Rappazzo A.F.,University of Delaware | Parker E.N.,University of Chicago
Astrophysical Journal Letters | Year: 2013

We investigate the dynamical evolution of magnetic fields in closed regions of solar and stellar coronae. To understand under which conditions current sheets form, we examine dissipative and ideal reduced magnetohydrodynamic models in Cartesian geometry, where two magnetic field components are present: the strong guide field B 0, extended along the axial direction, and the dynamical orthogonal field b. Magnetic field lines thread the system along the axial direction that spans the length L and are line-tied at the top and bottom plates. The magnetic field b initially has only large scales, with its gradient (current) length scale of the order of ℓb . We identify the magnetic intensity threshold b/B 0 ∼ ℓb /L. For values of b below this threshold, field-line tension inhibits the formation of current sheets, while above the threshold they form quickly on fast ideal timescales. In the ideal case, above the magnetic threshold, we show that current sheets thickness decreases in time until it becomes smaller than the grid resolution, with the analyticity strip width δ decreasing at least exponentially, after which the simulations become underresolved. © 2013. The American Astronomical Society. All rights reserved.

Pallis C.,University of Cyprus | Shafi Q.,University of Delaware
Physics Letters, Section B: Nuclear, Elementary Particle and High-Energy Physics | Year: 2013

The minimal supersymmetric (or F-term) hybrid inflation is defined by a unique renormalizable superpotential, fixed by a U(1) R-symmetry, and it employs a canonical Kähler potential. The inflationary potential takes into account both radiative and supergravity corrections, as well as an important soft supersymmetry breaking term, with a mass coefficient in the range (0.1-10) TeV. The latter term assists in obtaining a scalar spectral index ns close to 0.96, as strongly suggested by the PLANCK and WMAP 9 yr measurements. The minimal model predicts that the tensor-to-scalar r is extremely tiny, of order 10-12, while the spectral index running, |dns/dlnk|~10-4. If inflation is associated with the breaking of a local U(1)B-L symmetry, the corresponding symmetry breaking scale M is (0.7-1.6){dot operator}1015 GeV with ns≃0.96. This scenario is compatible with the bounds on M from cosmic strings, formed at the end of inflation from B-L symmetry breaking. We briefly discuss non-thermal leptogenesis which is readily implemented in this class of models. © 2013 Elsevier B.V.

Freitag M.,Rutgers University | Gundlach L.,Rutgers University | Gundlach L.,University of Delaware | Piotrowiak P.,Rutgers University | Galoppini E.,Rutgers University
Journal of the American Chemical Society | Year: 2012

A viologen derivative, 1,1′-di-p-tolyl-(4,4′-bipyridine)-1, 1′-diium dichloride (DTV 2+), was studied in solution and encapsulated in cucurbit[7]uril (CB7), a macrocyclic host. Upon encapsulation, DTV 2+ exhibited dramatically enhanced fluorescence. Aqueous solutions of DTV 2+ were weakly fluorescent (Φ = 0.01, τ < 20 ps), whereas the emission of the DTV 2+@2CB7 complex was enhanced by 1 order of magnitude (Φ = 0.12, τ = 0.7 ns) and blue-shifted by 35 nm. Similar properties were observed in the presence of NaCl. DTV 2+ in a poly(methyl methacrylate) matrix was fluorescent with a spectrum similar to that observed for the complex in solution. 1H NMR and UV-vis titrations indicated that the DTV 2+@2CB7 complex is formed in aqueous solutions with complexation constants K 1 = (1.2 ± 0.3) × 10 4 M -1 and K 2= (1.0 ± 0.4) × 10 4 M -1 in water. Density functional theory and configuration interaction singles calculations suggested that the hindrance of the rotational relaxation of the S 1 state of DTV 2+ caused by encapsulation within the host or a polymer matrix plays a key role in the observed emission enhancement. The absorption and emission spectra of DTV 2+@2CB7 in water exhibited a large Stokes shift (ΔSt ∼ 9000 cm -1) and no fine structure. DTV 2+ is a good electron acceptor [E°(DTV 2+/DTV •+) = -0.30 V vs Ag/AgCl] and a strong photooxidant [E°(DTV 2+/DTV •+) = 0.09 V vs NHE]). © 2012 American Chemical Society.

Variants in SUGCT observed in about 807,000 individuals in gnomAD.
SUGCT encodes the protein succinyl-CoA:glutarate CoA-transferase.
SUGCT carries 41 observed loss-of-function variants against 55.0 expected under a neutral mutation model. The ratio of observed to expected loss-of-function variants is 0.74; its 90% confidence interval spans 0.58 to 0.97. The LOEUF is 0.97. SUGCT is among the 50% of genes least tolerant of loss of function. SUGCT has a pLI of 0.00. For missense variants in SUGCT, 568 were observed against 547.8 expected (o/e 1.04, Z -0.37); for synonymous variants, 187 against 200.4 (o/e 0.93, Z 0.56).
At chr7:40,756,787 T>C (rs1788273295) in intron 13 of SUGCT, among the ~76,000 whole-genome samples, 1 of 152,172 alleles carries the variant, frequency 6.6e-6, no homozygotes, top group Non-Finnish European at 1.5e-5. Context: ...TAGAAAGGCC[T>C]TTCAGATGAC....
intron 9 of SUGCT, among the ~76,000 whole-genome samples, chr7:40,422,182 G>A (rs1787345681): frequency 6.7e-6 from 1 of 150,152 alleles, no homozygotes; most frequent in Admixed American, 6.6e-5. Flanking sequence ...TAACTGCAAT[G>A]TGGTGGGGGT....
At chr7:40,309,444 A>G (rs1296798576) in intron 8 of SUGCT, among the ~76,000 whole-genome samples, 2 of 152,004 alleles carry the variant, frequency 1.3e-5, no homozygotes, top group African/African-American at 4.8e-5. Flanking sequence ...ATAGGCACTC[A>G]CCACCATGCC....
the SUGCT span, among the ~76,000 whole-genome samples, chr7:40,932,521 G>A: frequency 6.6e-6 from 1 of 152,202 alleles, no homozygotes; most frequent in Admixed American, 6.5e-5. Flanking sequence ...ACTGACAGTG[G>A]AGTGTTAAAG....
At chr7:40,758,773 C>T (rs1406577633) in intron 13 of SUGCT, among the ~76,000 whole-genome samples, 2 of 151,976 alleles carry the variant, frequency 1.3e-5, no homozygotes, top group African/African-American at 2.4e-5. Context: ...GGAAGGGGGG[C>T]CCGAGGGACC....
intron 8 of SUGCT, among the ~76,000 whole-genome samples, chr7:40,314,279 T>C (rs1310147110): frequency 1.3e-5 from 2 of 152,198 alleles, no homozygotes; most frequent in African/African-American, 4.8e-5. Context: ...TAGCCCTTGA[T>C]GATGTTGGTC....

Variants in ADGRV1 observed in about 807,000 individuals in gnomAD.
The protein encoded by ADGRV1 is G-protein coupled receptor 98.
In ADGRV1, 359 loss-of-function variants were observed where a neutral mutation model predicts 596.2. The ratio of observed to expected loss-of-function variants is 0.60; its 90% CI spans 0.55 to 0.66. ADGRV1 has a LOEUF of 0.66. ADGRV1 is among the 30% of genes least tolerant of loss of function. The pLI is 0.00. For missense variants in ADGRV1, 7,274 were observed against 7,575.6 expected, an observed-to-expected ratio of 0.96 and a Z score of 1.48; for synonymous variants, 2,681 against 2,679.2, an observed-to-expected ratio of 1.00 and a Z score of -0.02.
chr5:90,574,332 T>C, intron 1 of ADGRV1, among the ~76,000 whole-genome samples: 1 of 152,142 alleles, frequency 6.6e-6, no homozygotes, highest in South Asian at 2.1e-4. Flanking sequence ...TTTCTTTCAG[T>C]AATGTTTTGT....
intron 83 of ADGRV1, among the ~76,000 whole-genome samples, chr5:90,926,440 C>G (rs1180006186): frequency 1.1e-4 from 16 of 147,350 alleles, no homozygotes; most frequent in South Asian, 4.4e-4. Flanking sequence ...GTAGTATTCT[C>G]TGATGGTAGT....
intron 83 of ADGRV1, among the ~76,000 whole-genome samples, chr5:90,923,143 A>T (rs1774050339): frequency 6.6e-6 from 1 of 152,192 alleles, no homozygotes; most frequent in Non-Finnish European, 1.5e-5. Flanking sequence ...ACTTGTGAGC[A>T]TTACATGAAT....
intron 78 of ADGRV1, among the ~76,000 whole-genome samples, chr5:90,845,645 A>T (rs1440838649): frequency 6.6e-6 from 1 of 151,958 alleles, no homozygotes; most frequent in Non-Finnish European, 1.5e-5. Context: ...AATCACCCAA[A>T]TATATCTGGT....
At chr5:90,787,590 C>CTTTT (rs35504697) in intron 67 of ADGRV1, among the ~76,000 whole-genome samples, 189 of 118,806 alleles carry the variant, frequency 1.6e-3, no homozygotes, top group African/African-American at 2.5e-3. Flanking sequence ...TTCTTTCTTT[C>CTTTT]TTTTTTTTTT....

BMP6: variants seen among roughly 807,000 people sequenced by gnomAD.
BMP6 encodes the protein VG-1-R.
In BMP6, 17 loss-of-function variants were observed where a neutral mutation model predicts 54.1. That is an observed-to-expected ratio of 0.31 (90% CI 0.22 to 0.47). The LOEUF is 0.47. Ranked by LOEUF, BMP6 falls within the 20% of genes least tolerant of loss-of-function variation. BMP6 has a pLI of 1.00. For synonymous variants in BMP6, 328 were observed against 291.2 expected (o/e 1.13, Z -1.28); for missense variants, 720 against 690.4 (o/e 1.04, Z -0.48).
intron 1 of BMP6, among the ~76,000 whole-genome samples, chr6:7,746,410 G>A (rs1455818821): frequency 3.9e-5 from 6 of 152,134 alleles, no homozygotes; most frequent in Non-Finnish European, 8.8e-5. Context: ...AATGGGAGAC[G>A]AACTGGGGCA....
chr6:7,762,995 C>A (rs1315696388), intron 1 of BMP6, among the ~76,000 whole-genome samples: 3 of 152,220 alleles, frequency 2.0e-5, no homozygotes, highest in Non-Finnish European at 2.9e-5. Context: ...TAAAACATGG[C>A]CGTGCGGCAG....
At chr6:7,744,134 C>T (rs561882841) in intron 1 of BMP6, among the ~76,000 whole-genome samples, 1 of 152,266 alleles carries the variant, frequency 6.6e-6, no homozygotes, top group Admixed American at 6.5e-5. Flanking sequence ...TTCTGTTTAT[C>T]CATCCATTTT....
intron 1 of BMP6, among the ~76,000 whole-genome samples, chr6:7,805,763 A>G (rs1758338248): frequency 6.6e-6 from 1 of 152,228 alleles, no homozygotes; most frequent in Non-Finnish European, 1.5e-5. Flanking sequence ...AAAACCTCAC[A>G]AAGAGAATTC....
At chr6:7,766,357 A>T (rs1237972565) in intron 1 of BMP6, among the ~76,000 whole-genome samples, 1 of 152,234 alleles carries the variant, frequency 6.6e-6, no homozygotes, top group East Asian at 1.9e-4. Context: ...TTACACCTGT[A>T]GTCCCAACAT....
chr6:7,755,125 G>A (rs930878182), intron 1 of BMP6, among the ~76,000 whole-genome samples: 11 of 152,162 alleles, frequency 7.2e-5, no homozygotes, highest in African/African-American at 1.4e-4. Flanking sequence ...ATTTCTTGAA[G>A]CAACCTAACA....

Aysal T.C.,Cornell University | Barner K.E.,University of Delaware
IEEE Transactions on Information Theory | Year: 2010

We consider consensus algorithms in their most general setting and provide conditions under which such algorithms are guaranteed to converge, almost surely, to a consensus. Let {A(t), B(t)} ∈ RN × N be (possibly) stochastic, nonstationary matrices and {x(t), m(t)} ∈ R N × 1 be state and perturbation vectors, respectively. For any consensus algorithm of the form x(t+1) = A(t)x(t) + B(t)m(t), we provide conditions under which consensus is achieved almost surely, i.e., Pr{lim t→∞x(t) = c1} = 1 for some c ∈ R. Moreover, we show that this general result subsumes recently reported results for specific consensus algorithms classes, including sum-preserving, nonsum-preserving, quantized, and noisy gossip algorithms. Also provided are the ε-converging time for any such converging iterative algorithm, i.e., the earliest time at which the vector x(t) is ε close to consensus, and sufficient conditions for convergence in expectation to the average of the initial node measurements. Finally, mean square error bounds of any consensus algorithm of the form discussed above are presented. © 2006 IEEE.

Hehman E.,Dartmouth College | Volpert H.I.,University of Missouri | Simons R.F.,University of Delaware